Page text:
The Genteel
April 17, 2021


Miguel Chevalier's wall projection, Mini Jack tie. Source:

USB, keyboard, binary wave Hermès ties.

With its launch of eight new heavy twill tie, the deeply conservative house of Hermès is stepping into modern retail. The ties are being showcased through the brand's "8 Ties Project," where businessmen can select their perfect Hermès tie from an interactive wall or "magic" digital e-book, a move away from the brand's traditional window displays and boutique experience.

The exhibit includes two interactive, digital installations by Mexico-born, Paris-based video artist Miguel Chevalier, an internationally respected pioneer in the fields of visual and digital art. Inspired by his previous artwork, Binary Wave (2010) - an 8 x 4 metre wall projection representing a sequence of computer coding - Chevalier fitted a virtual-reality wall projection in a dark room at Milan's Costume Moda Immagine in Palazzo Morando, the current stop of the Hermès exhibit. With two video projectors, a laptop and an infrared camera, Chevalier created eight different digital wall designs, one for each tie pattern. By simply moving one's hand across an image, visitors can scroll through the new tie patterns and widen the design on the wall to analyse every detail. Chevalier's interactive project continues on the first floor of the Hermès boutique at 21 Via Sant'Andrea in Milan where an interactive e-book illustrates the new ties through digital images. It's a cutting-edge way of informing customers on a product's characteristics as well as entertaining them with comments written by philosopher Christine Buci-Glucksmann for each tie design.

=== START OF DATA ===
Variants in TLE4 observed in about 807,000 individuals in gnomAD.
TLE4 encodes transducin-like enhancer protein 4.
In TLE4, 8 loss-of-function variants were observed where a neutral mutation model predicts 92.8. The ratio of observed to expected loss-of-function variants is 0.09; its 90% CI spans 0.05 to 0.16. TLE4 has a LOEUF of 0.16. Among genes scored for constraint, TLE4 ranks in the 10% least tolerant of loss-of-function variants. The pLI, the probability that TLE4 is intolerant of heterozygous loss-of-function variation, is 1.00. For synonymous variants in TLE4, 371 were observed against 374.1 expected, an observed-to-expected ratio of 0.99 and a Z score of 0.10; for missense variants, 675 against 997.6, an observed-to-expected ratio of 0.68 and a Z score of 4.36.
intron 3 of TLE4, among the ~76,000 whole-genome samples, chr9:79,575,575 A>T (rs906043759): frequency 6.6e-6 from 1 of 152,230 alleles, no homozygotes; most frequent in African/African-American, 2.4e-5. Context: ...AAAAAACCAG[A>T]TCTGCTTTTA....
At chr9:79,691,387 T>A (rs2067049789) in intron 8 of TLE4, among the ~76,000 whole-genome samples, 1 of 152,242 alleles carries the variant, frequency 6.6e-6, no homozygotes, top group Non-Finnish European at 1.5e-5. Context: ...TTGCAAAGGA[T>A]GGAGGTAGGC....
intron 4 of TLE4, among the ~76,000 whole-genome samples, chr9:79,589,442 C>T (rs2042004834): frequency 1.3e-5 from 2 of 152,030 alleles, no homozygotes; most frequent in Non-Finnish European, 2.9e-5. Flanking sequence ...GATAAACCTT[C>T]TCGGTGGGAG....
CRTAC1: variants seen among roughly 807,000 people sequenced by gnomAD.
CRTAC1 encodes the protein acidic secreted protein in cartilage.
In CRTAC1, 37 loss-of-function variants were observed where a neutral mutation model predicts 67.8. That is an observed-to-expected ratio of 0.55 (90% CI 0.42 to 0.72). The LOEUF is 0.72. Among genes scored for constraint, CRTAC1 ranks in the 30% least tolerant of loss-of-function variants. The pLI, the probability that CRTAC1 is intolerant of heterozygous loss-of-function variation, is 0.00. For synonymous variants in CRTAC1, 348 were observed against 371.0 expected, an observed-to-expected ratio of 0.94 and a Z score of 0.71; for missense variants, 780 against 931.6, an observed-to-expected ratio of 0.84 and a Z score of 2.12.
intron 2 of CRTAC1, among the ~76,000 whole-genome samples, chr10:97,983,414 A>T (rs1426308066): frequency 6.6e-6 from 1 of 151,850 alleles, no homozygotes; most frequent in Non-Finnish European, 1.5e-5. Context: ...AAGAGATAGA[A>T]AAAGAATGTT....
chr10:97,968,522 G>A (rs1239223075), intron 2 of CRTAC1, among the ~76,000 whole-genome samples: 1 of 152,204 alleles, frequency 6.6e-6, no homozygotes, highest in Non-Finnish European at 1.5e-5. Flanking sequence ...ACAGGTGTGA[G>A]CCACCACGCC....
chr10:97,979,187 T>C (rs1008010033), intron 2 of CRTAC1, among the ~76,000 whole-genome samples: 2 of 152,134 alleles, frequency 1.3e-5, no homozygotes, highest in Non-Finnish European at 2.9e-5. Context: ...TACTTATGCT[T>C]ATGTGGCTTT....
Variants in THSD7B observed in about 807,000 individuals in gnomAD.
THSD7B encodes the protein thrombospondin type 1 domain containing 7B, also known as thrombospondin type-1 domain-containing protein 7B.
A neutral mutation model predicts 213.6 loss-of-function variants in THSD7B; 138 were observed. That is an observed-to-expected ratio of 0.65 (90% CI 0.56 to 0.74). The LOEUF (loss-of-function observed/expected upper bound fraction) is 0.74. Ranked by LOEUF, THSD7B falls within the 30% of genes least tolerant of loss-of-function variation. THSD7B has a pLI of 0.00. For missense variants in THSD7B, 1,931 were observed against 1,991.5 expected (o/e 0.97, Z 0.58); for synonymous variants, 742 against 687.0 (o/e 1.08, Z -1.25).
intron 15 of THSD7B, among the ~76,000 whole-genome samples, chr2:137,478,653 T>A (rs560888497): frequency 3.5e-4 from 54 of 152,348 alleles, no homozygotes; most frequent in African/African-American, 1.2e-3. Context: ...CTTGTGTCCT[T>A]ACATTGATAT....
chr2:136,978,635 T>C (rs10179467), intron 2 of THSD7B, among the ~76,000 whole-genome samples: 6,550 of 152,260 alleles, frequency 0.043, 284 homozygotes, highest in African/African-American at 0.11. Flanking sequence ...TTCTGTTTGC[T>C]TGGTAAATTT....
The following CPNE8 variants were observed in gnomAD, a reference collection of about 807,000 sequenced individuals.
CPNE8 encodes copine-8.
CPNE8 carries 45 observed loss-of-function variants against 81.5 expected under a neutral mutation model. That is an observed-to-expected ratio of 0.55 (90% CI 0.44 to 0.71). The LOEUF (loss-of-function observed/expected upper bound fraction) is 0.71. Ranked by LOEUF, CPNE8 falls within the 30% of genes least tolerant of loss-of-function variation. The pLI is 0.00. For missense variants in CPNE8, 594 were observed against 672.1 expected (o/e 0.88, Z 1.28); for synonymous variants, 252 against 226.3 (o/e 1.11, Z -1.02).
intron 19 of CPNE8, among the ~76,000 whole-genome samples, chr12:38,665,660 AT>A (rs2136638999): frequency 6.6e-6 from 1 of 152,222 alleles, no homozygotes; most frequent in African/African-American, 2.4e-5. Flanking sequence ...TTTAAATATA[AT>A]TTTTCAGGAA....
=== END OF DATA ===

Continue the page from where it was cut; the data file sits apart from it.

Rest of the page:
Hermes 8 Ties Project

The interactive e-book at Milan's Hermès boutique. 

As for the eight heavy twill ties themselves, what's so innovative about them? Seen from a distance, their patterns seem to follow Hermès' traditional formula. But through Chevalier's installations, the novelty of the ties becomes clear: the new patterns are inspired by technology and the internet, incorporating USB symbols, microchips, binary code, On/Off symbols, graph paper and the universal symbol for recycling.

In addition to interactive displays and tech-inspired tie patterns, the French brand took steps away from tradition not only by carrying on with its use of colour in contrast to Hermès' well-known burnt orange (the colour has become synonymous with Hermès, and reportedly emerged during the Second World War when, due to a lack of materials, Hermès was forced to use the brightly coloured, relatively unpopular hue of paper to construct its boxes), but also by changing the fabric and width of the new ties. Each tech-inspired tie measures exactly 8cm wide (vs. the traditional 9cm width of its silk twill ties) and is constructed from heavy silk twill, a thicker weave with a pattern of diagonal lines.

To pick your favorite high-tech tie from an interactive wall projection, follow the Hermès travelling fashion exhibition. After its debut in September at the MoMu Fashion Museum in Antwerp and its stint in Milan, the "8 Ties Project" moves to the The Bravern in Seattle from October 31 to November 6.



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